We hear a lot about the new global economy. How does it work? How are we able to transport so many products around the world? How have innovations in the development of cargo ships fueled the global economy? Find the answers to these questions and more when you take a look at cargo ships from a new perspective.
The new Boeing Superliner looks much different than the plane the Wright Brothers flew at Kitty Hawk. Have you ever wondered how new planes are developed? This "Innovation in Transportation" book, Airplanes, takes a look at the people and creative ideas that have changed the way we think about flying.
Complete a variety of fun science experiments dealing with cars.
This book discusses the science behind plane crashes. The chapters examine the worst plane crashes in history, explain how aircraft fail, and show how scientists and engineers are designing safer aircraft. Diagrams, charts, and photos provide opportunities to evaluate and understand the scientific concepts involved.
This title discusses how tunnels are built, from planning and excavation to construction to site design.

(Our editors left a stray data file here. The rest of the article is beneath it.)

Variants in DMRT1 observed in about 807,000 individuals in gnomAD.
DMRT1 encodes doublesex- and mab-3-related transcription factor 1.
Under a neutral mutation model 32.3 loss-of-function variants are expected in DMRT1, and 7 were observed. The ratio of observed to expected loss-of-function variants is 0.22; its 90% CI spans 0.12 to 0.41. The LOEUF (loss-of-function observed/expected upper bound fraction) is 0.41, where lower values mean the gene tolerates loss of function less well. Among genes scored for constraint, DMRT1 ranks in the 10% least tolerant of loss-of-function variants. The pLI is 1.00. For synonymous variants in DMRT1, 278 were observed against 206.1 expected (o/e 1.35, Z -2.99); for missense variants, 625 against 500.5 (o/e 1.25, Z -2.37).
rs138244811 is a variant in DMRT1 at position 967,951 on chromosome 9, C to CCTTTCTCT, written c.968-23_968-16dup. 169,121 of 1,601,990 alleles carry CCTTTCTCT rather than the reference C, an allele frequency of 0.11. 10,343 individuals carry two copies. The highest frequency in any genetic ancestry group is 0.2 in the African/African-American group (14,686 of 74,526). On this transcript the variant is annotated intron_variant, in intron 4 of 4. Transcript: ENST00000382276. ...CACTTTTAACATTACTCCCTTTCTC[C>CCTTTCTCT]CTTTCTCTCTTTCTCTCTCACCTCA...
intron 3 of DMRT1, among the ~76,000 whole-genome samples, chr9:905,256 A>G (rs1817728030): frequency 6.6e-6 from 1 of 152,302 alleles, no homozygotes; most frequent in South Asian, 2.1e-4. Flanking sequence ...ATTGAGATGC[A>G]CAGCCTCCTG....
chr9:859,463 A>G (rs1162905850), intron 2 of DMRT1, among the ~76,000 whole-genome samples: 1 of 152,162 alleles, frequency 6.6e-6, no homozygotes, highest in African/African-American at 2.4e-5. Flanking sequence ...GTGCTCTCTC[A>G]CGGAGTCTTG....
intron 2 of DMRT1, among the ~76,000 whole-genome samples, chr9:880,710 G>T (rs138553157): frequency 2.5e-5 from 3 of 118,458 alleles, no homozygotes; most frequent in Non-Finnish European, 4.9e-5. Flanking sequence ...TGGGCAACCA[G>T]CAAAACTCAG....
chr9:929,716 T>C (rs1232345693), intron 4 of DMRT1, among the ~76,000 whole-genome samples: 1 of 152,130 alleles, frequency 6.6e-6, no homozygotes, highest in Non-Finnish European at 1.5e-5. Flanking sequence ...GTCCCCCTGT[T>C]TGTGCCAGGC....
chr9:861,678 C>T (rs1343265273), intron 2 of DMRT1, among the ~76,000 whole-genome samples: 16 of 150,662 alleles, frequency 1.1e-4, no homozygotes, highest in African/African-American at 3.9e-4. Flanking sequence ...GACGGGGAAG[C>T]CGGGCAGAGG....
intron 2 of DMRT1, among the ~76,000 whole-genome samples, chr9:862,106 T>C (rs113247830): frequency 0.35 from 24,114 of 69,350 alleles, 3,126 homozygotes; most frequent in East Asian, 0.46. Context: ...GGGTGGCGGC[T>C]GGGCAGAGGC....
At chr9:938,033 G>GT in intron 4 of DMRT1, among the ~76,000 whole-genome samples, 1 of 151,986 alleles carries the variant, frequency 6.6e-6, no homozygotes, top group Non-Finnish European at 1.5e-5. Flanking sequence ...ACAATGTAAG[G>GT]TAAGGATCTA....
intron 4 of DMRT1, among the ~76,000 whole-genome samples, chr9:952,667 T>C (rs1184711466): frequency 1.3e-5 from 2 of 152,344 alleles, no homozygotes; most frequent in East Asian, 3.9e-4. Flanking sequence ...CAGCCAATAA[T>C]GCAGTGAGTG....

This title discusses how airports are built, from runway design and construction to terminal and security.
This title discusses how roads are built, from road design and construction to painting and lighting.
This title discusses how bridges are built, including engineering, design and construction.
Fire trucks help to save lives and prevent the spread of dangerous fires every day. Readers will learn where a fire truck gets its water supply, what kind of equipment it contains, and the ways firefighters use these tools to help keep people safe.
Tractors are an essential tool for farmers everywhere. Readers will learn how farmers use tractors to plant and harvest the crops we use every day. They will also find out how people use tractors to maintain their yards and do chores.
Ambulances can help save lives when people are sick or injured. Readers will learn about the different kinds of lifesaving equipment found on an ambulance. They will also learn about the paramedics and EMTs that staff these important vehicles.
From bridges and streets to houses and skyscrapers, cement is an important material used in many of the structures we use every day. Readers will find out how cement mixers are used to blend, transport, and spread cement wherever it is needed.
Almost anything we build requires some sort of digging. Buildings, tunnels, and swimming pools all start with holes in the ground. Readers will find out how different kinds of diggers are used to create these holes. They will also learn about how diggers are used to help scientists learn more about the Earth.
Tall cranes tower above construction sites and line the edges of shipping ports. Readers will find out how different types of cranes are used to help build skyscrapers, load cargo ships, and much more.